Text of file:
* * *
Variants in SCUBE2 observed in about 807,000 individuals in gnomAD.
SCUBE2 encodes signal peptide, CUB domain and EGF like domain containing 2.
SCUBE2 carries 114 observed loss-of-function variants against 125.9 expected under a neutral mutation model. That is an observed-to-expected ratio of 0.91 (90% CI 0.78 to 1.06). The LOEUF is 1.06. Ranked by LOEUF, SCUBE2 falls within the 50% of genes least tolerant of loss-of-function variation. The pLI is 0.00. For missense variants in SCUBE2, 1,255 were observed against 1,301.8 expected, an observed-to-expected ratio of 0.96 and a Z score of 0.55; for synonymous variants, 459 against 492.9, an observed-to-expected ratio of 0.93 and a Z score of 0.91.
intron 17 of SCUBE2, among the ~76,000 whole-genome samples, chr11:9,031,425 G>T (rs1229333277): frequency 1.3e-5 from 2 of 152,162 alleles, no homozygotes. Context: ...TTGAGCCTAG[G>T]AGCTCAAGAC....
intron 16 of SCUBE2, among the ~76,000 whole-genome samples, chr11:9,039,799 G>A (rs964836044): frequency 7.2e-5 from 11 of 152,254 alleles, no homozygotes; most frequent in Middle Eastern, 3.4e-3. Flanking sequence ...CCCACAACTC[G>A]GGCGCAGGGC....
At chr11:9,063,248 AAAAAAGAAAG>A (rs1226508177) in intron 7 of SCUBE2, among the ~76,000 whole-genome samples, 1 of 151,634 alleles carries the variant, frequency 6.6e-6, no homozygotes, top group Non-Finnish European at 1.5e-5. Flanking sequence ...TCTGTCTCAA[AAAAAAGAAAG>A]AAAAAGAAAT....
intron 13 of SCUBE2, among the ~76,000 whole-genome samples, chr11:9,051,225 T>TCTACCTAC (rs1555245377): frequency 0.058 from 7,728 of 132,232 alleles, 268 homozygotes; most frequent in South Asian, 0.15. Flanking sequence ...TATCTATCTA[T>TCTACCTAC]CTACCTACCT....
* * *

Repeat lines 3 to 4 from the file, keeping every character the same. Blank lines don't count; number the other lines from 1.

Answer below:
SCUBE2 carries 114 observed loss-of-function variants against 125.9 expected under a neutral mutation model. That is an observed-to-expected ratio of 0.91 (90% CI 0.78 to 1.06). The LOEUF is 1.06. Ranked by LOEUF, SCUBE2 falls within the 50% of genes least tolerant of loss-of-function variation. The pLI is 0.00. For missense variants in SCUBE2, 1,255 were observed against 1,301.8 expected, an observed-to-expected ratio of 0.96 and a Z score of 0.55; for synonymous variants, 459 against 492.9, an observed-to-expected ratio of 0.93 and a Z score of 0.91.
intron 17 of SCUBE2, among the ~76,000 whole-genome samples, chr11:9,031,425 G>T (rs1229333277): frequency 1.3e-5 from 2 of 152,162 alleles, no homozygotes. Context: ...TTGAGCCTAG[G>T]AGCTCAAGAC....